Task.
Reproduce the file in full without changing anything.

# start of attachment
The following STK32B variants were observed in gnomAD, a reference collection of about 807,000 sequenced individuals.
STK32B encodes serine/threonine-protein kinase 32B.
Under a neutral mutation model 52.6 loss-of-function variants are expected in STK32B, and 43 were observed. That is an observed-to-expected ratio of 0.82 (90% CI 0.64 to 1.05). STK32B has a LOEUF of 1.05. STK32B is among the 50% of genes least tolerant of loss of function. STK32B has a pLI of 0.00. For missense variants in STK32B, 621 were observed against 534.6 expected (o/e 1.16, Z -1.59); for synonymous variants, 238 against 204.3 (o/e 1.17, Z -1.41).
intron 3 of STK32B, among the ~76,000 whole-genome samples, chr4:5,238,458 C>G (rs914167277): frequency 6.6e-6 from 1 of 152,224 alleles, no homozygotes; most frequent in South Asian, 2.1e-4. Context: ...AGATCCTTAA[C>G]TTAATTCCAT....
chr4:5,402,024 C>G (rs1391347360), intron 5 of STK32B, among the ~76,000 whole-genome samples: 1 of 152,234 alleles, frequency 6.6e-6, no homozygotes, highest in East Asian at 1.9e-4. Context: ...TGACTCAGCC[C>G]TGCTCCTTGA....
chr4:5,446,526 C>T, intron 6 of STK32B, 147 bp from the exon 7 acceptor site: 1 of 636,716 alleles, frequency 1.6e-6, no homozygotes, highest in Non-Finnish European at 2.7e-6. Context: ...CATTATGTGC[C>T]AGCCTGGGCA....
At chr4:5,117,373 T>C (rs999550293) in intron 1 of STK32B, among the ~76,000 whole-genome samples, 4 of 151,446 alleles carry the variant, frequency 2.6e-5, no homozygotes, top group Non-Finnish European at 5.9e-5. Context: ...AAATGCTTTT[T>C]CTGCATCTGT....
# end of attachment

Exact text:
The following STK32B variants were observed in gnomAD, a reference collection of about 807,000 sequenced individuals.
STK32B encodes serine/threonine-protein kinase 32B.
Under a neutral mutation model 52.6 loss-of-function variants are expected in STK32B, and 43 were observed. That is an observed-to-expected ratio of 0.82 (90% CI 0.64 to 1.05). STK32B has a LOEUF of 1.05. STK32B is among the 50% of genes least tolerant of loss of function. STK32B has a pLI of 0.00. For missense variants in STK32B, 621 were observed against 534.6 expected (o/e 1.16, Z -1.59); for synonymous variants, 238 against 204.3 (o/e 1.17, Z -1.41).
intron 3 of STK32B, among the ~76,000 whole-genome samples, chr4:5,238,458 C>G (rs914167277): frequency 6.6e-6 from 1 of 152,224 alleles, no homozygotes; most frequent in South Asian, 2.1e-4. Context: ...AGATCCTTAA[C>G]TTAATTCCAT....
chr4:5,402,024 C>G (rs1391347360), intron 5 of STK32B, among the ~76,000 whole-genome samples: 1 of 152,234 alleles, frequency 6.6e-6, no homozygotes, highest in East Asian at 1.9e-4. Context: ...TGACTCAGCC[C>G]TGCTCCTTGA....
chr4:5,446,526 C>T, intron 6 of STK32B, 147 bp from the exon 7 acceptor site: 1 of 636,716 alleles, frequency 1.6e-6, no homozygotes, highest in Non-Finnish European at 2.7e-6. Context: ...CATTATGTGC[C>T]AGCCTGGGCA....
At chr4:5,117,373 T>C (rs999550293) in intron 1 of STK32B, among the ~76,000 whole-genome samples, 4 of 151,446 alleles carry the variant, frequency 2.6e-5, no homozygotes, top group Non-Finnish European at 5.9e-5. Context: ...AAATGCTTTT[T>C]CTGCATCTGT....